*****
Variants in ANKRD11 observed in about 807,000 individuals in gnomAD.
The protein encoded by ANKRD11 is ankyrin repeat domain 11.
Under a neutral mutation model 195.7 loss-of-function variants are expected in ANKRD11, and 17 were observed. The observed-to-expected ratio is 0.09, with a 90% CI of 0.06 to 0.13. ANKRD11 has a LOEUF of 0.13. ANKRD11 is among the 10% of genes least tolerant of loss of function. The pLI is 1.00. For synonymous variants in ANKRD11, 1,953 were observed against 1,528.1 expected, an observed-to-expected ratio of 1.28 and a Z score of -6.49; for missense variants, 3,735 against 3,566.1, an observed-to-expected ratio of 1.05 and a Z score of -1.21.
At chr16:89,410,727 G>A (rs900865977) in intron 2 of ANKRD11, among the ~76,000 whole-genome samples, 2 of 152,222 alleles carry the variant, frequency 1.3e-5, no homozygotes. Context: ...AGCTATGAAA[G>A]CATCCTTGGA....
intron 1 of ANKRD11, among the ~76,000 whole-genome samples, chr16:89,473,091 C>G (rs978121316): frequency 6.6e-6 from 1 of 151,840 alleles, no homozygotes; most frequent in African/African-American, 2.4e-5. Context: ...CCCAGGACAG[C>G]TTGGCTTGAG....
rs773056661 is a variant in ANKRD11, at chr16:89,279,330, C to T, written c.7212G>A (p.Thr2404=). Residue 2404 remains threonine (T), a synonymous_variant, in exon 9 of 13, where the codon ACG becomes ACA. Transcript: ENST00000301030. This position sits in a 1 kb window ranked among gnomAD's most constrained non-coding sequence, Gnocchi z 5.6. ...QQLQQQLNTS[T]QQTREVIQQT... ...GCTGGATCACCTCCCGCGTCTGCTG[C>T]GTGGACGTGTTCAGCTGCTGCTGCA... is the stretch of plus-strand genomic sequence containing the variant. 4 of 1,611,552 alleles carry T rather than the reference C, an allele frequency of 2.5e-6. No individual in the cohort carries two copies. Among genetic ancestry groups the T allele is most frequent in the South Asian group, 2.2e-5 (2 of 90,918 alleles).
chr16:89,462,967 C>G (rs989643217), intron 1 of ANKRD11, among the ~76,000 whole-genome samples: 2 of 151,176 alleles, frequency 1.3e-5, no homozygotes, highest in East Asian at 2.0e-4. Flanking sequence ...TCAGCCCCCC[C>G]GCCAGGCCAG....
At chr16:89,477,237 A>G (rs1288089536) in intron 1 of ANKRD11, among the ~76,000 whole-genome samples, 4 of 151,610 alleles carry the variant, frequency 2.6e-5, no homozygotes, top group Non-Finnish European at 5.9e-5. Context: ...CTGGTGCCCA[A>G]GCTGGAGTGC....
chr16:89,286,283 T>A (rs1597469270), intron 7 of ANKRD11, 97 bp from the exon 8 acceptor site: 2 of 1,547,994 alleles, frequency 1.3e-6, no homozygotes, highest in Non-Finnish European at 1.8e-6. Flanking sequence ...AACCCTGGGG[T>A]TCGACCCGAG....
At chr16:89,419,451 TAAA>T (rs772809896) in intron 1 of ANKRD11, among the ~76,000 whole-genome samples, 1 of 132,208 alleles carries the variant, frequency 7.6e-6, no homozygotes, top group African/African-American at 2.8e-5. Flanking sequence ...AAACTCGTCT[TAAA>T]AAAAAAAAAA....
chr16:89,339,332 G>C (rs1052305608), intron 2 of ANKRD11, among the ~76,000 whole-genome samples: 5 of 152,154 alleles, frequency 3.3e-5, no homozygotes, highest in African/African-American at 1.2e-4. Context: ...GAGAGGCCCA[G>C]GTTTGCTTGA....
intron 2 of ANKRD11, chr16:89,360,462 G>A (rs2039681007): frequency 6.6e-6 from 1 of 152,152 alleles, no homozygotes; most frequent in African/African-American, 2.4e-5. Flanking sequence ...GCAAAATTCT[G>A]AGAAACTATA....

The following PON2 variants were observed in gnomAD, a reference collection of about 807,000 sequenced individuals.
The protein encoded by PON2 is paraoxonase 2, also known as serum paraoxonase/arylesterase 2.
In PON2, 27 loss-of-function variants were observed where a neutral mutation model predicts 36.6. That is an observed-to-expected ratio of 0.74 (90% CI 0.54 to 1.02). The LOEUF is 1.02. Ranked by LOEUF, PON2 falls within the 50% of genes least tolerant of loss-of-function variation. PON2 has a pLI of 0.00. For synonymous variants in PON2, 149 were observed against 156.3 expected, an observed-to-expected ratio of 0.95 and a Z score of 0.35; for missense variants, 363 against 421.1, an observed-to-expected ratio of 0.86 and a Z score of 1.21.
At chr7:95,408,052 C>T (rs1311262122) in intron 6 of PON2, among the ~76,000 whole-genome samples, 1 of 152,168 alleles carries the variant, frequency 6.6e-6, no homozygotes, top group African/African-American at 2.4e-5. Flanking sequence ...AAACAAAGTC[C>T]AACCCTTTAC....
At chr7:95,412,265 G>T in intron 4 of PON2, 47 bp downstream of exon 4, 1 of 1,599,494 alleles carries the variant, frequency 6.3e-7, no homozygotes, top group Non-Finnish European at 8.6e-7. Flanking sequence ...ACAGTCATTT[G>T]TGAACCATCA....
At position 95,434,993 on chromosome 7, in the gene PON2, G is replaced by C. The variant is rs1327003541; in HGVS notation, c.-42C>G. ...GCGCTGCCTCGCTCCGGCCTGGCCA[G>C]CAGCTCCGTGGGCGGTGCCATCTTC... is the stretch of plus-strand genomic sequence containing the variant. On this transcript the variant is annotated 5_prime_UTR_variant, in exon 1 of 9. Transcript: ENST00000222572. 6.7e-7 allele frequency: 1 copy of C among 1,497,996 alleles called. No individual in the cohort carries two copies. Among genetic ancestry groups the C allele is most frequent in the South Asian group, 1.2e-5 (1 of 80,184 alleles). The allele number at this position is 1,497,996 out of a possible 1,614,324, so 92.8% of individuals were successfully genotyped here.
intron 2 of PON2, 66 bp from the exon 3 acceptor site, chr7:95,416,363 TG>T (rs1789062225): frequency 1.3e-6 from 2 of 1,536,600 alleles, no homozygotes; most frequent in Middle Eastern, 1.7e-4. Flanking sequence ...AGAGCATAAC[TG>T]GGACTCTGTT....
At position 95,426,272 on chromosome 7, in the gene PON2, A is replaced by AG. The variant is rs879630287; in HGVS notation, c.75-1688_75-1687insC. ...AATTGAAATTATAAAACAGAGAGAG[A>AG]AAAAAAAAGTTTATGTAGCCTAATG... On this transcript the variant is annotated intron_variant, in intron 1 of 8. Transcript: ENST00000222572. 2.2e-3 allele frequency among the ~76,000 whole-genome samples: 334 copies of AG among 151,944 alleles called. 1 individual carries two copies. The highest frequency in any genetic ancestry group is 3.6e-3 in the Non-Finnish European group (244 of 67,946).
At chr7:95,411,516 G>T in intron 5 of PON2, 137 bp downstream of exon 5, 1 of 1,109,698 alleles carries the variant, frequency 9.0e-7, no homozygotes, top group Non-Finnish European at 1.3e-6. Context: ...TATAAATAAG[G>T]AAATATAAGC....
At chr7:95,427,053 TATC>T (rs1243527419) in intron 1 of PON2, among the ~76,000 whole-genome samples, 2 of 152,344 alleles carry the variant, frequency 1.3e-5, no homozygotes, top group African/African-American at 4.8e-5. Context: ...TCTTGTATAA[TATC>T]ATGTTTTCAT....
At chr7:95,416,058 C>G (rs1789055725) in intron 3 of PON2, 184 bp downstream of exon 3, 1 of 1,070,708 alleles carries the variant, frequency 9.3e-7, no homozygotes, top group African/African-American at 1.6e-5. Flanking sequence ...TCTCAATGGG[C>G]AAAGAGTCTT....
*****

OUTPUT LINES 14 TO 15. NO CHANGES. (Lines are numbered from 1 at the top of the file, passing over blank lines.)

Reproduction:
The protein encoded by PON2 is paraoxonase 2, also known as serum paraoxonase/arylesterase 2.
In PON2, 27 loss-of-function variants were observed where a neutral mutation model predicts 36.6. That is an observed-to-expected ratio of 0.74 (90% CI 0.54 to 1.02). The LOEUF is 1.02. Ranked by LOEUF, PON2 falls within the 50% of genes least tolerant of loss-of-function variation. PON2 has a pLI of 0.00. For synonymous variants in PON2, 149 were observed against 156.3 expected, an observed-to-expected ratio of 0.95 and a Z score of 0.35; for missense variants, 363 against 421.1, an observed-to-expected ratio of 0.86 and a Z score of 1.21.